Monday, July 15, 2024

Agnew: Hesson produces the goods

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A highlight of the Hamilton game against Australia was Ross Taylor’s 107 to equal the 15 centuries ODI record of Nathan Astle. Photo / Wikimedia Commons.

Having begun his international cricket career in controversy in 2012 by dropping captain Ross Taylor for Brendon McCullum, Black Caps cricket coach Mike Hesson has made his critics eat their words.

New Zealand’s 2-0 whitewash of Australia in the Chappell-Hadlee Trophy on Sunday has lifted them to third in the World ODI standings, the latest win in Hamilton being their 26th in their last 30 ODI home games.

It helped erase the shame they endured when thrashed by Australia when touring that country in December, aided by a couple of poor captaincy decisions by McCullum’s successor, Kane Williamson, who atoned with astute fielding placements in Hamilton which snared wickets.

Revenge, of course, was made much easier by Australia’s decision to rest outstanding premier batsmen David Warner and Steve Smith who had been so dominant all summer on their own wickets.

But New Zealand have also progressed nicely with their latest success following home series wins against Pakistan and Bangladesh which revealed heartening batting depth.

Having taken six wickets for 41 against Pakistan in Christchurch, wily Howick-Pakuranga medium pacer Colin de Grandhomme made a sensational start to his Test career.

Others to shine when given their chance to fill the gaps left by injured players were Neil Broom, who celebrated his long awaited recall with a century against Bangladesh in Nelson, and Dean Brownlee, who notched a valuable 63 against the Aussies at Hamilton.

Throw in Auckland fast bowler Lockie Ferguson who, like the injured Adam Milne, can exceed 150k/h, and the improvement in depth becomes obvious after injuries sidelined Adam Milne, Mitchell McClenaghan and Matt Henry.

Another bonus has been the wicketkeeping of opening batsman Tom Latham which has allowed Hesson and fellow selector Gavin Larsen to pick an extra batsman.

Highlights of the Hamilton game against Australia were Ross Taylor’s 107 to equal the 15 centuries ODI record of Nathan Astle, and swing bowler Trent Boult’s six for 33 to secure a 24-run victory.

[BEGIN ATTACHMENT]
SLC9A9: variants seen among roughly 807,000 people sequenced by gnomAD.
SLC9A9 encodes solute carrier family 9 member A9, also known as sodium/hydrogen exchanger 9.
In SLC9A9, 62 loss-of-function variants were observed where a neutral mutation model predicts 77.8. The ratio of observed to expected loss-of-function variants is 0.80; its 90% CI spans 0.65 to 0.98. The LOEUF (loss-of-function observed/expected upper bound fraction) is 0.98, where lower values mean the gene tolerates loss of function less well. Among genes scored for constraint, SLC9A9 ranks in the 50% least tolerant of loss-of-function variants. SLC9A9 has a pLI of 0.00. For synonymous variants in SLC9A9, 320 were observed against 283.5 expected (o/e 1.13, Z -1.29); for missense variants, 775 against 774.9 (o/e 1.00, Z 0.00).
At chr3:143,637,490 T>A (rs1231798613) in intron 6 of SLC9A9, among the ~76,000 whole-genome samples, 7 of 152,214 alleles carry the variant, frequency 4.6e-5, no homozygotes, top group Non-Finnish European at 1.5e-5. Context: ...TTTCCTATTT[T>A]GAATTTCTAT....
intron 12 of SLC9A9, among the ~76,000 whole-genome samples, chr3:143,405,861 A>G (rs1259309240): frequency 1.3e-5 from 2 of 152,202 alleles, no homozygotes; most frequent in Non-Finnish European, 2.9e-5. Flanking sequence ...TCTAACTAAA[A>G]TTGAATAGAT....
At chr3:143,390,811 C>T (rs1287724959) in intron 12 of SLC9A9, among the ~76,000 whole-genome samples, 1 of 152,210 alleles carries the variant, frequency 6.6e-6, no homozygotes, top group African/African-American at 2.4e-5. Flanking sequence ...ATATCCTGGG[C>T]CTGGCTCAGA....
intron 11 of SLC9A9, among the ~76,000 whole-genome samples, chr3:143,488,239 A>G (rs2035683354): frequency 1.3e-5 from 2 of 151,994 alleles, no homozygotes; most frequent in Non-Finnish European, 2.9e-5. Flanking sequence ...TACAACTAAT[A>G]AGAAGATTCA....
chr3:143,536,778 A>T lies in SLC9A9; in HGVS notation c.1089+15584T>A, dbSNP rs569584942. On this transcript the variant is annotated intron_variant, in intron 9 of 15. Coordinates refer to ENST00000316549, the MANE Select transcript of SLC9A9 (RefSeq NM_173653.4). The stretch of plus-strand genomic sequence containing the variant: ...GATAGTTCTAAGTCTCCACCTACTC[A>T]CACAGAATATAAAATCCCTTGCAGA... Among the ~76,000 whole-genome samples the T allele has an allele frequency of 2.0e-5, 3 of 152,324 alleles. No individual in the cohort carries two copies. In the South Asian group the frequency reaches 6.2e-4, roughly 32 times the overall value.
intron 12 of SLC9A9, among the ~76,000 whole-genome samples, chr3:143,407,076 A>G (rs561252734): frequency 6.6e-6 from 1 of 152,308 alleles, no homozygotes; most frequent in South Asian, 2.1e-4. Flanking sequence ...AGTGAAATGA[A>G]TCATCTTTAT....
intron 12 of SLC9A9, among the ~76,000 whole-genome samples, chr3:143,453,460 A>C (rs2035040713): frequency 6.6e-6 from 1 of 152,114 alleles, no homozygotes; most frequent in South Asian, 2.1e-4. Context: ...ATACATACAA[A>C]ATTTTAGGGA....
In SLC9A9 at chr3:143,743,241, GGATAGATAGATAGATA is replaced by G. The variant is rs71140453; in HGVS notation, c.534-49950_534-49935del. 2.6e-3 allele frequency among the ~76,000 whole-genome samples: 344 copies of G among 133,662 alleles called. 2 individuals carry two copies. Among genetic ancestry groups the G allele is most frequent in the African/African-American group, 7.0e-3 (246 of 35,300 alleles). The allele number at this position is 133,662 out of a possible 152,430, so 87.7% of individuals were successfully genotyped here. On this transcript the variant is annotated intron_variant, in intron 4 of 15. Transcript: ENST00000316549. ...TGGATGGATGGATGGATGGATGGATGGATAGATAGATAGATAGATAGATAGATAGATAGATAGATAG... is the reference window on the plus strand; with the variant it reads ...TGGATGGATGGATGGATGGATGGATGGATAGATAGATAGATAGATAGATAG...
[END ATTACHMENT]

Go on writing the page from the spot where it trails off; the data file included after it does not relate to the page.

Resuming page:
It was a shame leg spinner Ish Sodhi wasn’t given a start after his Big Bash heroics over the Tasman although few could argue against the contribution of all-rounder Mitchell Santner who scored an unbeaten 38 and took 2 for 50.

Santner’s bowling figures don’t look flash. But they were after eight overs when he conceded only 19 runs, before being hammered by Mitchell Starc and Pat Cummins for 31 from his last two.

He was, along with Boult, also top value with his lively fielding.

However this summer the overall energy and accuracy of the fielding has not been up to the standard set during McCullum’s inspirational leadership when he, brother Nathan and Martin Guptill set the standard.

With all-rounder Corey Anderson unable to bowl, Jimmy Neesham’s bowling prowess fell far short of his batting and a fully fit Anderson would do much to improve New Zealand’s confidence when the brilliant South Africans tour.

Meanwhile, favourites Australia have won the quad series netball but struggled to beat South Africa 60-55 and England 47-46 after easily accounting for the Silver Ferns 57-50.

Then the Ferns finished in style, thrashing England 61-37 and South Africa 70-39 with goal attack Maria Tutaia the standout star of the tournament, ably supported by fellow shooters Bailey Mes and Te Paea Selby-Rickit.

One to watch as a great future prospect is 6ft 4in goal defence Kelly Jury.

Ivan Agnew is an award-winning sports writer and author

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